Emily Taylor, Hannah Beers, Cassie DeClerc, and Kaytee Mitchell are pictured at the Daughters of the King conference in Van Buren, Missouri.

Have you ever experienced burnout? I'm talking the kind of exhaustion and disappointment that lasts through a bad day and into a season. Burnout is living overwhelmed. I am writing to you today from the end of the burnout season. 

Two years ago this week, Insecurely Movement launched. I was a college freshman, living in a bright new world plagued with insecurity that affected everything around me. On a late night in February 2013, for the first time in my short life, I saw a way out of living a life of insecurity.

I lived 18 years with a voice questioning my validity as a woman, friend, daughter, leader, and a follower of Jesus.

As you read this, it is important to understand the war that insecurity waged against me. I am ambitious, brash, and driven to a fault. I pride myself on my ability to push through any crisis with a brave face. I like to succeed . . . all the time. I am the oldest child in my family and a fiercely protective sister. "She is intimidating" is a far greater compliment to me than, "She is beautiful." 

Josh Buckner, spoken word artist, and Nii Abrahams, writer, are pictured at the You Are Loved conference in Strafford, Missouri. 

That being said, I don't like showing emotion or weakness. Tears don't fall in public and jokes are a remarkably simple defense mechanism. My battle with insecurity did not present itself in off-handed comments about how I look or social media posts asking people to rate my appearance.

Rebel: Insecurely Day was a day that encouraged people find a plain white shirt, write their biggest insecurity on it, and wear it for a day. At Insecurely Movement, we believe that once you admit your insecurities, they lose power. 

No, that was never my battle. If it is yours, I join with you in pursuing freedom. 

My battle presents itself in relationships. "What do they think about me?" "Why do they even want to be around me?" "She obviously isn't (insert name here)." I lived 18 years with a voice questioning my validity as a woman, friend, daughter, leader, and a follower of Jesus.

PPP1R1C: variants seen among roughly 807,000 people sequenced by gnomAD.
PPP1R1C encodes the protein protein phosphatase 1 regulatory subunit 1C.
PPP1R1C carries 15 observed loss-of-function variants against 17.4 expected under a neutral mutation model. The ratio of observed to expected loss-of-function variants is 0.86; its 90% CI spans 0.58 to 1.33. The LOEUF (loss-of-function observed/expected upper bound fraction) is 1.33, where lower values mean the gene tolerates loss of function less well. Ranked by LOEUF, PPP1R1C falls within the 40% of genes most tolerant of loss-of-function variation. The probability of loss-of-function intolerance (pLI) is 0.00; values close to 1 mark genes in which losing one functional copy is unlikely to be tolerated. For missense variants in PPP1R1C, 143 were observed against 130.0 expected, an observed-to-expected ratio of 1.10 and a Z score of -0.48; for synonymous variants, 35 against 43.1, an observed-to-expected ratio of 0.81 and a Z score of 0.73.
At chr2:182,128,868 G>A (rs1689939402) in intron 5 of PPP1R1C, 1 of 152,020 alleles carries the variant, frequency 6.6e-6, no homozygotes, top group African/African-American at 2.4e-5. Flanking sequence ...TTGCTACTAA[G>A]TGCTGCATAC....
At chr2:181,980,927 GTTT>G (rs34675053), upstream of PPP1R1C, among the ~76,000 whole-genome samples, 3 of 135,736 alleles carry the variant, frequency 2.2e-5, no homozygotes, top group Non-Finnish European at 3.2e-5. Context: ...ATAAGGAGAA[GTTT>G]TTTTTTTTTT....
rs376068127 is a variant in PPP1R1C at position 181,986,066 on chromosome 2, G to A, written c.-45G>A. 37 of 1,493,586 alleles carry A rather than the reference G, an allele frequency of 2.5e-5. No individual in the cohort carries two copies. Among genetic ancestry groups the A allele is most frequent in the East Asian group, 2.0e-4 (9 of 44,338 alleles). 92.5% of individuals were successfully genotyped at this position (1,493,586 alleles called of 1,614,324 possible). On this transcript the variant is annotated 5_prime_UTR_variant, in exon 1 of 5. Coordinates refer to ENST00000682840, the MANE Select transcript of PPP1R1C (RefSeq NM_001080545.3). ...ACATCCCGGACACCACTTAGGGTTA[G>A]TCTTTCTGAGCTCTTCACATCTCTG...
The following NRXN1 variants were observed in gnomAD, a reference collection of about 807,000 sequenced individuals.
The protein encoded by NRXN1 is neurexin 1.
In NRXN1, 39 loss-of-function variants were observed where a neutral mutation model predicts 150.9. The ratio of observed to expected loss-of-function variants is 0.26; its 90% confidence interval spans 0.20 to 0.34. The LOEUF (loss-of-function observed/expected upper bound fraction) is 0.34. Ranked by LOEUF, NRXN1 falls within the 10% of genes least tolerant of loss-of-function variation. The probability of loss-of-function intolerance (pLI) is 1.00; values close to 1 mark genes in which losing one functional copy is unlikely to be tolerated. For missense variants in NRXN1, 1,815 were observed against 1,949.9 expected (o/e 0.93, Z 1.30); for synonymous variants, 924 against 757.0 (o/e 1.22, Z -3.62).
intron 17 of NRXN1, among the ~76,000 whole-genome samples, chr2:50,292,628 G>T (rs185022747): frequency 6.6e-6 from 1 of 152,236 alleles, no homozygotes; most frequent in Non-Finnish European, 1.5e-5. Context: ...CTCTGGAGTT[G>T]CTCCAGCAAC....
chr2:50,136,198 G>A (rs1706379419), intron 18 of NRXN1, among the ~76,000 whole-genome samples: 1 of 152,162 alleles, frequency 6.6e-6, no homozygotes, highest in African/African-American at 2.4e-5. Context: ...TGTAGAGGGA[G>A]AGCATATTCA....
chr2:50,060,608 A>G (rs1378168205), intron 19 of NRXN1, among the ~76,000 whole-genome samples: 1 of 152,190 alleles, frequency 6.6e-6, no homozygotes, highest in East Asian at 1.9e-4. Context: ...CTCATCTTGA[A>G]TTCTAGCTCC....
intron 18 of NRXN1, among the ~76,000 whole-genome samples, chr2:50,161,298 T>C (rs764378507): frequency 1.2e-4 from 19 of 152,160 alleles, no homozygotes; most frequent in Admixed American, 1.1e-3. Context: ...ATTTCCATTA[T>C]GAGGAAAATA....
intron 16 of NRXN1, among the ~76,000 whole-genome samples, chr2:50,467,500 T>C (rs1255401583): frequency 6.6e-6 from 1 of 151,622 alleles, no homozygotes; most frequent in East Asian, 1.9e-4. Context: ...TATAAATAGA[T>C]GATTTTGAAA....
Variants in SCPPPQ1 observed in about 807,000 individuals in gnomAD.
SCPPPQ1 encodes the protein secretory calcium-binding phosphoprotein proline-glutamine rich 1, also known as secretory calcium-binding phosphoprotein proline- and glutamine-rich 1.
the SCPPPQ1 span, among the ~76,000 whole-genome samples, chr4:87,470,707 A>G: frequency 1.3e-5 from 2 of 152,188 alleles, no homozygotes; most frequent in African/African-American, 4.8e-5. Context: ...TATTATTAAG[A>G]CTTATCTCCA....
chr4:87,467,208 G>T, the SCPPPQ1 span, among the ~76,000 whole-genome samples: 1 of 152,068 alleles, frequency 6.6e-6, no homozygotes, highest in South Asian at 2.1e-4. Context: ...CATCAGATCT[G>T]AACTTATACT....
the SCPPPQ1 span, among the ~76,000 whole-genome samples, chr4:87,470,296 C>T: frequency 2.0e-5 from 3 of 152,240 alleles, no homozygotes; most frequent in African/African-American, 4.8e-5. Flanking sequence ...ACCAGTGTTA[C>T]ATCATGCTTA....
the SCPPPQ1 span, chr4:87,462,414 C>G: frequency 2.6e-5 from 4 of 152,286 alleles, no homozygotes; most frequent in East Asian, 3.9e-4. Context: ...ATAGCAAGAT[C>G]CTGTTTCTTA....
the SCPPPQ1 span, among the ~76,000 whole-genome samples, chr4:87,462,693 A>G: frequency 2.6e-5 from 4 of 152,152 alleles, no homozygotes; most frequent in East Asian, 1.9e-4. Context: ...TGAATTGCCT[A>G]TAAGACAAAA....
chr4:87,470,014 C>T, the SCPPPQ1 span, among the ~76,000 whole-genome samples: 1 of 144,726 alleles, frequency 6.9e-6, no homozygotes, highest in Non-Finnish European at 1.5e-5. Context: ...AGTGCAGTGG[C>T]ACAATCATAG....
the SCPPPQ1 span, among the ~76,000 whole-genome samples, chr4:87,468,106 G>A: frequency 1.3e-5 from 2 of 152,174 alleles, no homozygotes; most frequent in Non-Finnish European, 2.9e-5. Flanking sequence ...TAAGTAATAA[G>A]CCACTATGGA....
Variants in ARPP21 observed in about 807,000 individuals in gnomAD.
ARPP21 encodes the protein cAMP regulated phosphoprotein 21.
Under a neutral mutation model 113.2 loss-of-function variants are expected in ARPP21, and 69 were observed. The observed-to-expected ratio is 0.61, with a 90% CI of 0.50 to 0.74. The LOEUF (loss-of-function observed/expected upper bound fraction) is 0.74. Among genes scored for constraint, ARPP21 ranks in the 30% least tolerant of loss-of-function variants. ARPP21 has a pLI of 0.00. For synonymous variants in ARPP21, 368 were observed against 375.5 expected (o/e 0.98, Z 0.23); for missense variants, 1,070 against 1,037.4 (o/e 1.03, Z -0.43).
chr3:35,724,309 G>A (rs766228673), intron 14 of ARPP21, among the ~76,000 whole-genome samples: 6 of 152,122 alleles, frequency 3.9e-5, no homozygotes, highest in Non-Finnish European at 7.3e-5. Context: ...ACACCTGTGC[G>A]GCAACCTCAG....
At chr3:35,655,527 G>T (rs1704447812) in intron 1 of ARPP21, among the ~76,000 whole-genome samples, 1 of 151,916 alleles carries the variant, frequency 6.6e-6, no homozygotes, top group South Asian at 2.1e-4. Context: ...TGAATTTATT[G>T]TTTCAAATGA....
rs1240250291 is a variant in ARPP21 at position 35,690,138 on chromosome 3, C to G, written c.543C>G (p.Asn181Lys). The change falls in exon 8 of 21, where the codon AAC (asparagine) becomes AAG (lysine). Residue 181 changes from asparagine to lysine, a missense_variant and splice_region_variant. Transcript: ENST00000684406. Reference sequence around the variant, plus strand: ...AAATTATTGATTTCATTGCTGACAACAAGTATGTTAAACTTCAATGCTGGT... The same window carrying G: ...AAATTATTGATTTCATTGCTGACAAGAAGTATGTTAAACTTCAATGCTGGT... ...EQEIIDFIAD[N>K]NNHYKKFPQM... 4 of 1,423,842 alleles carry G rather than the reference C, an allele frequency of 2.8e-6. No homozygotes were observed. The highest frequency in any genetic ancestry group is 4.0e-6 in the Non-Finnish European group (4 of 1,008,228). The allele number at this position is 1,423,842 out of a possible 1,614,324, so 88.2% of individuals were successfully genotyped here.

When Insecurely launched, it was a series of these photos and weekly blogs. These photos illustrated that we are the same person regardless of how we look. 

Here I was, in April of 2013, with a lifetime of insecurity and a new mission to abolish it entirely. In a whirlwind of a year, people came alongside me, dedicated to sharing the message of Insecurely Movement. My dear friend Joshua Buckner wrote a spoken word that inspires everyone from YouTube commenters to prison inmates. Our social media grew and we planned and executed events. The website got a makeover, our staff reached eighteen people, and we were invited to speak at conferences around the state. We were doing exactly what we were called to do. But, it was not enough. 

I let myself believe a very simple lie. "I can't do it." Insecurely couldn't file for tax exempt status.  Insecurely couldn't create a business bank account. Insecurely couldn't gain thousands of Twitter followers. Insecurely couldn't devise a series of resources. Insecurely could not do it. 

I became so focused on what Insecurely could not do, I forgot what we could do.

Jon Hamilton, a pastor at Central AG in Vero Beach, Florida, spoke the words that illustrate the fault with this concept. "God did not tell us everyone would respond well to our ministry. He called us to be faithful." 

That brings me here. Insecurely Movement is back. We are back to share in the journey. We're back to do what we were called to do. We're back for you. 

That's what this whole thing is about anyway, right? We're here to make the trek together. The twenty-somethings that make up Insecurely are no experts. We live life just as you do. We spend Friday nights watching Netflix and complain entirely too much about Mondays. We go to job interviews and take final exams. We wait too long to do laundry. We eat Taco Bell when we shouldn't. 

The girl I was, immersed in insecurity, is still in here. I hear her voice all too often, but she reminds me of something new. Today, that girl reminds me of the struggles that so many of us deal with, of the guilt and pain that saddle themselves to you. She reminds me that there is a whole population of people who are still too deep in insecurities to break the surface of speaking up and out. She reminds me that each person is susceptible to insecurity, and to love people with a compassion that only Jesus could have mastered. 

We're here to come alongside you in the journey. Will you let us join?

God did not tell us everyone would respond well to our ministry. He called us to be faithful.
— Jon Hamilton, pastor

Hannah Beers is the founder of Insecurely Movement. She is a senior advertising and public relations at Evangel University in Springfield, Missouri. After graduation, Hannah plans on entering into public service. To connect with Hannah, follow her on Twitter. 

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